Implications:

  • No problems have surfaced around negotiations with unions on new salary arrangements. Apparently the high copper price has helped the company to satisfy the unions demands, reducing the risk of strikes.
  • Antofagasta is increasingly looking beyond Chile’s borders for expansion: USA, Sweden, Pakistan, and Australia are mentioned in the exploration pipeline. Although all current production is in chile and the Sierra Gorda, Antocuya and Los Pelambres areas in Chile still hold potential, the company will not be able to sustain growth rates it requires to keep up with Codelco, Freeport, and the diversified miners without expanding abroad. This expansion will require significant managerial and organizational change.

©2011 | Wilfred Visser | thebusinessofmining.com

Copper wars: Equinox, Lundin & Inmet

March 1, 2011 Comments off

“African-focused copper miner Equinox Minerals (EQN.TO) offered C$4.8 billion ($4.9 billion) to buy Canada’s Lundin Mining (LUN.TO) in an unsolicited bid that threatens to scuttle Lundin’s rival C$9 billion tie-up with Inmet Mining. The cash and shares bid could kick off a bidding war for the base metal miner as near record copper prices and expected supply shortages spurs another round of consolidation in the global resources sector, analysts said.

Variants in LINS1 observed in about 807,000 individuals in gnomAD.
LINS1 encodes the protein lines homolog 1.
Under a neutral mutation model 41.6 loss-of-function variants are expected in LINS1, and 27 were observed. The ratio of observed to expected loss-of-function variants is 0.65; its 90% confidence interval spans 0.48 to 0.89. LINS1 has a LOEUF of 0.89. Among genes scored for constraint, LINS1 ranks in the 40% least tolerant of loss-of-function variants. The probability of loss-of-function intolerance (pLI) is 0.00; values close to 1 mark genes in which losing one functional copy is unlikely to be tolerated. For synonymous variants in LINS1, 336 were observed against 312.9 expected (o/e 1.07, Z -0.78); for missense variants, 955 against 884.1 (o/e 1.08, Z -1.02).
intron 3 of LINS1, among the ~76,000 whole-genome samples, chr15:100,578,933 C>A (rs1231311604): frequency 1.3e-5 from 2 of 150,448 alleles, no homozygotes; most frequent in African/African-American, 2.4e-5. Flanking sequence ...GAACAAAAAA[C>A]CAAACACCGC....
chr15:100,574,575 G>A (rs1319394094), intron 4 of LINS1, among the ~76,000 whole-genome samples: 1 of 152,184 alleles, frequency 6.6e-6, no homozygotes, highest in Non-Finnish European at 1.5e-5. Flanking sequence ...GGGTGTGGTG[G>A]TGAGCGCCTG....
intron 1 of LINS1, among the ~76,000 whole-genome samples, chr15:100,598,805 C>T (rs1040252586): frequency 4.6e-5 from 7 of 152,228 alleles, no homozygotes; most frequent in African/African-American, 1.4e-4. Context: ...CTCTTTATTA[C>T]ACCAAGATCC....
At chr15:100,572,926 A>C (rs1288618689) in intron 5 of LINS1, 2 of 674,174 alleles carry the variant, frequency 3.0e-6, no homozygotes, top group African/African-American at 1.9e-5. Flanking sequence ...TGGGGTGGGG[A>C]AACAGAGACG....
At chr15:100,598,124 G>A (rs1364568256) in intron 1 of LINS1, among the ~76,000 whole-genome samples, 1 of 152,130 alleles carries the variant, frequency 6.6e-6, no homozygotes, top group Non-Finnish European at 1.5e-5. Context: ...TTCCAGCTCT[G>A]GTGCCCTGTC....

The proposed bid comes just over a month after Lundin and Inmet Mining Corp (IMN.TO), a copper miner with operations in Spain, Turkey and Finland, agreed to combine and create a new Canadian copper mining major called Symterra, worth about C$9 billion ($9.2 billion).”

Source: Reuters, February 28 2011

Observations:

  • Equinox offers a combination of cash and shares, worth C$8.10 per share of Lundin; a 26% premium over current share price. This is more or less the price to which Lundin’s shares increased after the January 12 announcement of the merger with Inmet, but Lundin’s share price has dropped over 20% in the past 5 weeks.